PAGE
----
With international climate negotiations putting Indigenous Peoples and other local communities in the spotlight for climate funding, more attention is being paid to protecting those groups’ rights to their land and forest.

That often takes the form of land titling programs, but titles alone don’t guarantee rights. And while tenure security can make communities more secure, exactly what that means varies from place to place, according to a new study by the Center for International Forestry Research and World Agroforestry (CIFOR-ICRAF).

“I think a lot of people still believe that land titles grant tenure security, and it’s hard to get away from this idea,” said CIFOR-ICRAF principal scientist Anne Larson. “Data show that people often consider a piece of paper reassuring — a sign of legitimacy meaning that others will respect their rights. But anyone who has worked in this field for very long knows how limited a title can be.”

Larson has seen cases in which a newly titled community’s leader has sold off forest rights to the highest bidder, or an Indigenous community has won title only to have government agencies fail to support its efforts to defend itself against settlers who invade its land.

“It’s frustrating to share in the victory of seeing a title granted to an Indigenous community that has been fighting for it for so long, only to see all the apparent advantages of having that title practically eroded by the time it is delivered,” she said.

So what do communities expect from land tenure?

“In a study that included communities in Indonesia, Uganda and Peru, we found that many things matter for the well-being of Indigenous Peoples and local communities, but secure tenure is the foundation,” Larsen said. “The study shows how multiple factors that influence well-being are interconnected.”

If a title does not ensure tenure security, however, what does?

Visions of the future

When Larson and her colleagues dug into what forest dwellers mean by tenure security, they found that it varies from place to place but with important common threads.

They used a method called participatory prospective analysis, in which people involved in tenure issues — community members, government representatives, members of non-governmental organizations and academics — created future scenarios involving land and forests.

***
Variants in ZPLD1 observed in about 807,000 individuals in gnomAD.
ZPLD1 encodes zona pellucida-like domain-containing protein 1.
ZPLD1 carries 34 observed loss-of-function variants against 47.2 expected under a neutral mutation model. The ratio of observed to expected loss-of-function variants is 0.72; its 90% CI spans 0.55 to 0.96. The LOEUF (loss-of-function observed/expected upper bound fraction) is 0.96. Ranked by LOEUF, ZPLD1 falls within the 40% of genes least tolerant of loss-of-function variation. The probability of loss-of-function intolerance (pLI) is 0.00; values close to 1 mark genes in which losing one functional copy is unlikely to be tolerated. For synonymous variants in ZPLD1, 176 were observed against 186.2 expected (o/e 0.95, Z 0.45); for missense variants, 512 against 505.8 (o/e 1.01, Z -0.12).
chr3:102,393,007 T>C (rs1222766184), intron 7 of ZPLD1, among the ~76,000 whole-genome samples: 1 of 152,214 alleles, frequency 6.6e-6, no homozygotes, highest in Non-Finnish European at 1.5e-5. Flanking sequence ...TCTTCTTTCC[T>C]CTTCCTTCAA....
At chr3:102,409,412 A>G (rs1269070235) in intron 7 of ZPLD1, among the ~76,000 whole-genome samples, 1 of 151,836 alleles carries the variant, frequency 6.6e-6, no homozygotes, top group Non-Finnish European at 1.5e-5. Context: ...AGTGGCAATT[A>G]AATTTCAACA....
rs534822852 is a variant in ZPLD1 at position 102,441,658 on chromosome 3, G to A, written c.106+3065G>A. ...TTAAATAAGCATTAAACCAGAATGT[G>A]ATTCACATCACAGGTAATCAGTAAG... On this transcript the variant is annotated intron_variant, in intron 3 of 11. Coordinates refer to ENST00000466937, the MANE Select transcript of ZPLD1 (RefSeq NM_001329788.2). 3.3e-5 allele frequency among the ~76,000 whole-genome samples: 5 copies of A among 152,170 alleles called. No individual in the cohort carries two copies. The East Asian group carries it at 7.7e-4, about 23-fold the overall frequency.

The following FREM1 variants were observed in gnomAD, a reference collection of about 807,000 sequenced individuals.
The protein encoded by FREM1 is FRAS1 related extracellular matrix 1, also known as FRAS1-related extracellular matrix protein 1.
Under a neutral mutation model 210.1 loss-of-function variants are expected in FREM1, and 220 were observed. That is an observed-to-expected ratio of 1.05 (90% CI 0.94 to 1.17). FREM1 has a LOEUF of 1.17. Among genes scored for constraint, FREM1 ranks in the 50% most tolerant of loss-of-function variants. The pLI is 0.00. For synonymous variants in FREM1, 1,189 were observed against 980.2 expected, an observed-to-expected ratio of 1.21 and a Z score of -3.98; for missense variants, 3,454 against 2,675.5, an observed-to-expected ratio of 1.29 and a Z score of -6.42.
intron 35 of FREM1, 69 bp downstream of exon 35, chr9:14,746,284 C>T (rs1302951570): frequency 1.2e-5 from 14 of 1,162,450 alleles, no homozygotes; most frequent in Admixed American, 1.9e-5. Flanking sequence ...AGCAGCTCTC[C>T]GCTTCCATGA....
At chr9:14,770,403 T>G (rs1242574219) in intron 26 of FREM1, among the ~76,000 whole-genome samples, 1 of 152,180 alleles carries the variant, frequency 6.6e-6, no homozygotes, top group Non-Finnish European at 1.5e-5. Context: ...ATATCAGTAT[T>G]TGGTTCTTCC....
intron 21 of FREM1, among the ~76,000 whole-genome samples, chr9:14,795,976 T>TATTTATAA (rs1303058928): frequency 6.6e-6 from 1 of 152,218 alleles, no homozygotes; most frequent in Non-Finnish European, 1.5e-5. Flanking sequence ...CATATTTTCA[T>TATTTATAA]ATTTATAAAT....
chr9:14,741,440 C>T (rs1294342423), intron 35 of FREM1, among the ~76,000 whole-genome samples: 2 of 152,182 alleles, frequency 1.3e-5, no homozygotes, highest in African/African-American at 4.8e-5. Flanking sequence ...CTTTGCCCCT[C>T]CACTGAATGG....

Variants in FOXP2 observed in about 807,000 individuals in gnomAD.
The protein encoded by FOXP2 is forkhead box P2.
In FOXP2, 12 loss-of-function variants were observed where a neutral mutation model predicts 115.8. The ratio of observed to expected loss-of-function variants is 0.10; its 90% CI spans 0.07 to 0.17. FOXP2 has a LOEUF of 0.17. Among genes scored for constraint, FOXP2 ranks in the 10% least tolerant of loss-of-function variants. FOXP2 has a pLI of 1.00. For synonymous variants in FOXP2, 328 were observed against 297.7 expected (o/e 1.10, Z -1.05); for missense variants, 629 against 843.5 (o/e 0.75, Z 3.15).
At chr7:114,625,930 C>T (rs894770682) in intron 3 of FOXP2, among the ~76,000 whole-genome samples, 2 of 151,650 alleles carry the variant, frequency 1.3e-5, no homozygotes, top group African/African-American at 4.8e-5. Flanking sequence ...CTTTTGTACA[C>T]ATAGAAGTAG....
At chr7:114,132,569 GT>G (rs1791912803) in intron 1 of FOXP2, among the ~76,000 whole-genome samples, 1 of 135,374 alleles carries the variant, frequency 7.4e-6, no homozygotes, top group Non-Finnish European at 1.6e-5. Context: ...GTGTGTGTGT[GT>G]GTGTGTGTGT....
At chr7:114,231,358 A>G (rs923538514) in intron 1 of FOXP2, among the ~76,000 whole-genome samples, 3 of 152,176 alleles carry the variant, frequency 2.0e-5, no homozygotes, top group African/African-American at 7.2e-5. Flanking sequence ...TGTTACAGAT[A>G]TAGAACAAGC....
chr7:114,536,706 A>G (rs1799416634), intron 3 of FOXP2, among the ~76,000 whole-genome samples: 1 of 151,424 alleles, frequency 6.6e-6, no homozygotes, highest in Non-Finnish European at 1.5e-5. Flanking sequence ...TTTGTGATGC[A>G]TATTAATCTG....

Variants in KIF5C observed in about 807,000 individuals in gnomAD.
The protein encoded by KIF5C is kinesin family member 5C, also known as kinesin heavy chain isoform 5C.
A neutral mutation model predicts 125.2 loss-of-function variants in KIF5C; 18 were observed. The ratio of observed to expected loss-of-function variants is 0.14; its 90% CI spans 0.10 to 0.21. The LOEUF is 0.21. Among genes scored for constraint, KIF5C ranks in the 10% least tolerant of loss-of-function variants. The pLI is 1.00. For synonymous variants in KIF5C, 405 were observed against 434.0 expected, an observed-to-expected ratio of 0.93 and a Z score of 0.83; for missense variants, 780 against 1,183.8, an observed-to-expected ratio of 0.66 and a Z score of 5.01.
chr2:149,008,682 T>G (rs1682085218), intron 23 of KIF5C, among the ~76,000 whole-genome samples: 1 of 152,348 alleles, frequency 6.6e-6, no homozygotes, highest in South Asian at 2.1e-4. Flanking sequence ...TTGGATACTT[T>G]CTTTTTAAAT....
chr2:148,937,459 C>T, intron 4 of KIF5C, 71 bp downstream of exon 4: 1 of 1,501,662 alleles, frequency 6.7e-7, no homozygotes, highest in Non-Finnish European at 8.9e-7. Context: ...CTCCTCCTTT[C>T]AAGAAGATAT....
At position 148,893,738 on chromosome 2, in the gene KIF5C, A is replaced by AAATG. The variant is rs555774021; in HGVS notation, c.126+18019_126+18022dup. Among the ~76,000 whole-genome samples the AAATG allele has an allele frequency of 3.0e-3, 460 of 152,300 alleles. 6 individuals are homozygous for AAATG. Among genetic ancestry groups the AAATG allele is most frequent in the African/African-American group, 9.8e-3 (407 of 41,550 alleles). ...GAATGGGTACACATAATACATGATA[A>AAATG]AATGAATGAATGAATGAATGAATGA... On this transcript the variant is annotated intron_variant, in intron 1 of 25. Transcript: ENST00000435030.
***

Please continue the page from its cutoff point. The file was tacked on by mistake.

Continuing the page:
The result, Larson said, was a more comprehensive understanding of how tenure relates to the livelihoods, identity, and the overall well-being of local communities.

The three countries were chosen because they reflected various tenure models, from ownership of forest resources by Indigenous or traditional communities to arrangements in which communities and state entities share forest management.

Multiple workshops were held in the three countries in 2015 and 2016, leading the participants through a five-step process. In the first step, they defined their situation, answering questions such as: ‘What is the future of tenure security in this region 20 years from now?’

Once that was defined, they identified factors that could have a positive or negative impact on forest and land tenure. They then examined how those factors affected each other, to identify the most influential or ‘driving’ forces — the ones that could lead to a domino effect

After determining what those drivers would look like if they were positive or negative, the participants chose the most logical combinations of factors to create a variety of different potential future scenarios. They built narratives around those, and in Peru, an artist produced drawings of each. The groups then created action plans to work toward their desired futures.

Examples of the drawing of an optimistic and pessimistic scenario from the Peru sites. Illustrations by Lesky Zamora Rios (watercolor on paper and digitized).

Context and history matter

Communities in the regions chosen for the study have different types of tenure and face various pressures from outside their territories, and the scenarios the workshop participants developed show that local characteristics and history are important.

In Peru’s Loreto and Madre de Dios regions, the government has been granting titles to Indigenous communities, but many communities still lack titles, and overlapping claims abound. Communities do not have rights to subsoil resources, such as oil and minerals, and can use forest resources but cannot own them.

In positive future scenarios, workshop participants stressed coordination between national and local governments and between the government and communities, a central role for Indigenous Peoples, transparency, effective monitoring, and governments with sufficient capacities and resources. Negative scenarios, which represented backsliding in rights, included elements such as a lack of government coordination, lack of interest in Indigenous issues and corruption.